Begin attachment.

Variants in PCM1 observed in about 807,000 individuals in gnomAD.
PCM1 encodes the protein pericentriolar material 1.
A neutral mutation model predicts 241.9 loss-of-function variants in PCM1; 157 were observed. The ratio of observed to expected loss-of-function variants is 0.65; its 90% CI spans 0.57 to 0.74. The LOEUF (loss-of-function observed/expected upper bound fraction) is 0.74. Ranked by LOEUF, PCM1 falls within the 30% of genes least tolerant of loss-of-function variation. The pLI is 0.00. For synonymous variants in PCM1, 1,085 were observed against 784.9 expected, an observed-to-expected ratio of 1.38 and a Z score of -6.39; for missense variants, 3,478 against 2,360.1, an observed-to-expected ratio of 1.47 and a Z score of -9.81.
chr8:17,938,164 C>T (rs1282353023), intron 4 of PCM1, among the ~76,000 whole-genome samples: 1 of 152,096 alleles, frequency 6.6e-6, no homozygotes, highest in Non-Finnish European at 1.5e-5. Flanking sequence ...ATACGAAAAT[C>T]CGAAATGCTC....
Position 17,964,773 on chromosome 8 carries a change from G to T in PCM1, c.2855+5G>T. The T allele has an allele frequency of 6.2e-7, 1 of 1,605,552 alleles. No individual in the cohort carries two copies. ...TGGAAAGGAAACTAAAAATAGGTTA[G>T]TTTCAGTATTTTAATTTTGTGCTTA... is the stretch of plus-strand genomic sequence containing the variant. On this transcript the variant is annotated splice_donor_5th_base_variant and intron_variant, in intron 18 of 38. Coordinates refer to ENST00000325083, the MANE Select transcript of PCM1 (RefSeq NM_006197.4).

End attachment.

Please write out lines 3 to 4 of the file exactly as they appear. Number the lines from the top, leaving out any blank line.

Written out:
A neutral mutation model predicts 241.9 loss-of-function variants in PCM1; 157 were observed. The ratio of observed to expected loss-of-function variants is 0.65; its 90% CI spans 0.57 to 0.74. The LOEUF (loss-of-function observed/expected upper bound fraction) is 0.74. Ranked by LOEUF, PCM1 falls within the 30% of genes least tolerant of loss-of-function variation. The pLI is 0.00. For synonymous variants in PCM1, 1,085 were observed against 784.9 expected, an observed-to-expected ratio of 1.38 and a Z score of -6.39; for missense variants, 3,478 against 2,360.1, an observed-to-expected ratio of 1.47 and a Z score of -9.81.
chr8:17,938,164 C>T (rs1282353023), intron 4 of PCM1, among the ~76,000 whole-genome samples: 1 of 152,096 alleles, frequency 6.6e-6, no homozygotes, highest in Non-Finnish European at 1.5e-5. Flanking sequence ...ATACGAAAAT[C>T]CGAAATGCTC....